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Justice for Sale? Analysis of Outside Spending in State Supreme Court Races

PHOTO: A recent analysis examines the impact of last minute campaign spending by special interest groups on judicial elections. Photo credit:M. Connors/Morguefile.
PHOTO: A recent analysis examines the impact of last minute campaign spending by special interest groups on judicial elections. Photo credit:M. Connors/Morguefile.
November 3, 2014

SPRINGFIELD, Ill. – According to a recent analysis, Illinois is among a handful of states that's seen a surge of last minute outside spending in state Supreme Court races by special interest groups.

Bert Brandenburg, executive director of the judicial watchdog group Justice at Stake, says the spending in Illinois is focused on incumbent Justice Lloyd Karmeier, who 10 years ago was in one of the most expensive contested judicial elections in U.S. history.

Brandenburg says there's a big money attempt to oust Karmeier.

"I think they have spent more than $1 million just this past month to try to do so – that number may go up,” he says. “It's a 'here we go again moment,' one more time we have big money going in to try to determine who is on a bench and the judges then pressured to become fundraisers."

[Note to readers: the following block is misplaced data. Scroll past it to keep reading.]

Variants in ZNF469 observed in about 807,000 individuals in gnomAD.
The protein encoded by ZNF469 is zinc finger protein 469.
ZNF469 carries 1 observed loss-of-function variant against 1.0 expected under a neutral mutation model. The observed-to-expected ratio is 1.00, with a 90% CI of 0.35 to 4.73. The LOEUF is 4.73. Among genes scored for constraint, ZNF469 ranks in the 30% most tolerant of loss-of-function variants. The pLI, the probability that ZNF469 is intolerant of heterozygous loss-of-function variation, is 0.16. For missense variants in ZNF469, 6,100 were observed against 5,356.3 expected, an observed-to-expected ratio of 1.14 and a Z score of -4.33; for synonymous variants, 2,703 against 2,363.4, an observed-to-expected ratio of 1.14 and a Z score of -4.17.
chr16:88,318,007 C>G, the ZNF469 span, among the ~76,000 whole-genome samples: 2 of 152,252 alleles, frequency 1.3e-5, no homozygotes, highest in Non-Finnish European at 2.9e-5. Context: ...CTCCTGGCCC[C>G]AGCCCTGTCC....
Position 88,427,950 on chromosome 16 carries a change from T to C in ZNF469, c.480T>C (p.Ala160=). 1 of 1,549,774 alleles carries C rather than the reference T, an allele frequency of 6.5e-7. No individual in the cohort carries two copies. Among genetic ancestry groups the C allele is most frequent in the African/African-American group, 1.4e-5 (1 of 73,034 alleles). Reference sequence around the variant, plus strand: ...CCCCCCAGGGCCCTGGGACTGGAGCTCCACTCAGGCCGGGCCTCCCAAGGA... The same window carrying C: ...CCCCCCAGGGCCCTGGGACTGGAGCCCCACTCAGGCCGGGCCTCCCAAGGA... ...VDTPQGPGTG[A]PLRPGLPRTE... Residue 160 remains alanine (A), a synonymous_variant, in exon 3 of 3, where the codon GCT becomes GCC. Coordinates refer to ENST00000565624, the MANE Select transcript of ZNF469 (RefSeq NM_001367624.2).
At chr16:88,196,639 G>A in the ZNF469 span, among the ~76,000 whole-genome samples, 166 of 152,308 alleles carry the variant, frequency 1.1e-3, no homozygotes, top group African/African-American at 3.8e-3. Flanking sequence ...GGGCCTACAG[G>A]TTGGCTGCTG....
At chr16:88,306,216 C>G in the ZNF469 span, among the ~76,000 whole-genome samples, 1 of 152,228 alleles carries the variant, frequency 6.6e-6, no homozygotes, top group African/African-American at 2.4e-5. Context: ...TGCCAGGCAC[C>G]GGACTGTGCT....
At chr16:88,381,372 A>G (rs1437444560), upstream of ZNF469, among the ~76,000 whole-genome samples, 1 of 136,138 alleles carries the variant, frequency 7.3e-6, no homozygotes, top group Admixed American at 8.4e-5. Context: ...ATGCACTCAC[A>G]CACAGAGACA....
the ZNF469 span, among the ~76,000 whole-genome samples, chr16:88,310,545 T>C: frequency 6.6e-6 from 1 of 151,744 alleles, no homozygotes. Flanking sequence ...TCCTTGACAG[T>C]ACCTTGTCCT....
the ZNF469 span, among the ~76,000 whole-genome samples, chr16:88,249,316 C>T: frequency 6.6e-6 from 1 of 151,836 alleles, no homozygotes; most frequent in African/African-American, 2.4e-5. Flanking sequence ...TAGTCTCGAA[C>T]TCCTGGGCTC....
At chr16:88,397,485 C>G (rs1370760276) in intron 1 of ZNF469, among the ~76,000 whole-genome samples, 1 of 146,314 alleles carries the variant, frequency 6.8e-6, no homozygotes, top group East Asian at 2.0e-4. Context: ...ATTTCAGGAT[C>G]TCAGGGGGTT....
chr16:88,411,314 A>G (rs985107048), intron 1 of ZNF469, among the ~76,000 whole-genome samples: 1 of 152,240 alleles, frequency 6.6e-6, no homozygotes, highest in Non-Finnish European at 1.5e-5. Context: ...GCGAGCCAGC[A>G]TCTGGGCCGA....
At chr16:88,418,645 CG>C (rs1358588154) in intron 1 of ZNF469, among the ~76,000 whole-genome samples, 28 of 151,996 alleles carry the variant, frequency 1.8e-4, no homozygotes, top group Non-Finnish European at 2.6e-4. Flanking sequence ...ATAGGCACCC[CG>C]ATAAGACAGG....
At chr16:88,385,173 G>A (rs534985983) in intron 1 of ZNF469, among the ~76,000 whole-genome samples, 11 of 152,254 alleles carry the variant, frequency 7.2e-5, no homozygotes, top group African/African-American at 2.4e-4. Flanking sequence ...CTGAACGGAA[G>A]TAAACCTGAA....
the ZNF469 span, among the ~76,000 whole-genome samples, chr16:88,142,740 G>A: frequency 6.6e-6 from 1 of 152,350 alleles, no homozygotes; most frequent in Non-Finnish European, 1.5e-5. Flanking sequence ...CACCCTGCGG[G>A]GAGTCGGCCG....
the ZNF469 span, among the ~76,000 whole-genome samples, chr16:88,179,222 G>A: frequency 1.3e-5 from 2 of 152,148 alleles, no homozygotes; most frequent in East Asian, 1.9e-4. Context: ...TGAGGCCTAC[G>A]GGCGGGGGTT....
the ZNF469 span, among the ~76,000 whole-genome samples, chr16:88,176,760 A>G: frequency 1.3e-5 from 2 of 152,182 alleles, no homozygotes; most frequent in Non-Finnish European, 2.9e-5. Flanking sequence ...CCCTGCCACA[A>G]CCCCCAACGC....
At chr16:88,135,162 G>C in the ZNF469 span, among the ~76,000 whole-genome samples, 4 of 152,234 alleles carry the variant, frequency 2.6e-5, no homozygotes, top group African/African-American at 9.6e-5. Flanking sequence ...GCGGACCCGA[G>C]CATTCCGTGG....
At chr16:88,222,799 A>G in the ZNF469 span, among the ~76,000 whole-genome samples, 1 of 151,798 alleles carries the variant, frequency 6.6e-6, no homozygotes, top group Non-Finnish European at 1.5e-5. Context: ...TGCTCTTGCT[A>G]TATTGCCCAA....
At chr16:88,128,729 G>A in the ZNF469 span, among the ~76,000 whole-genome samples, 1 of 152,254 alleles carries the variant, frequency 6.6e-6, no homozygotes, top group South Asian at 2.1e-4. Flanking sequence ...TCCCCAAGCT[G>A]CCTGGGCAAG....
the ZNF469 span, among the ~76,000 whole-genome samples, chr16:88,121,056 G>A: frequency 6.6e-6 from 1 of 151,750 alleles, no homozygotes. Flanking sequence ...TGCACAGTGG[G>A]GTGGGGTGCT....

Brandenburg says last minute campaign ads funded by special interests can tip judicial elections, which can force judges to keep pace by courting deep-pocketed partisan groups.

The analysis by the Brennan Center for Justice and Justice at Stake also found Illinois ranks first in the nation for outside spending on TV ads this election, totaling more than $1.1 million.

Brandenburg says a challenge with judicial elections is that voter turnout is typically not very high, and he says the barrage of nasty attack ads is partly to blame.

"A lot of voters feel starved for information and as a result they either hang back or you know, some of them might see a commercial and be motivated by it,” he says. “But I think a lot of voters see these commercials and say, 'Well that's just not really information, that's just sort-of slogans, I still don't have enough information to go vote in a judicial election.'"

Brandenburg adds that judicial races are too important to be left to special interest groups, and he encourages voters to take the time to research non-partisan voter guides so they can make an informed choice at the polls.


Mary Kuhlman, Public News Service - IL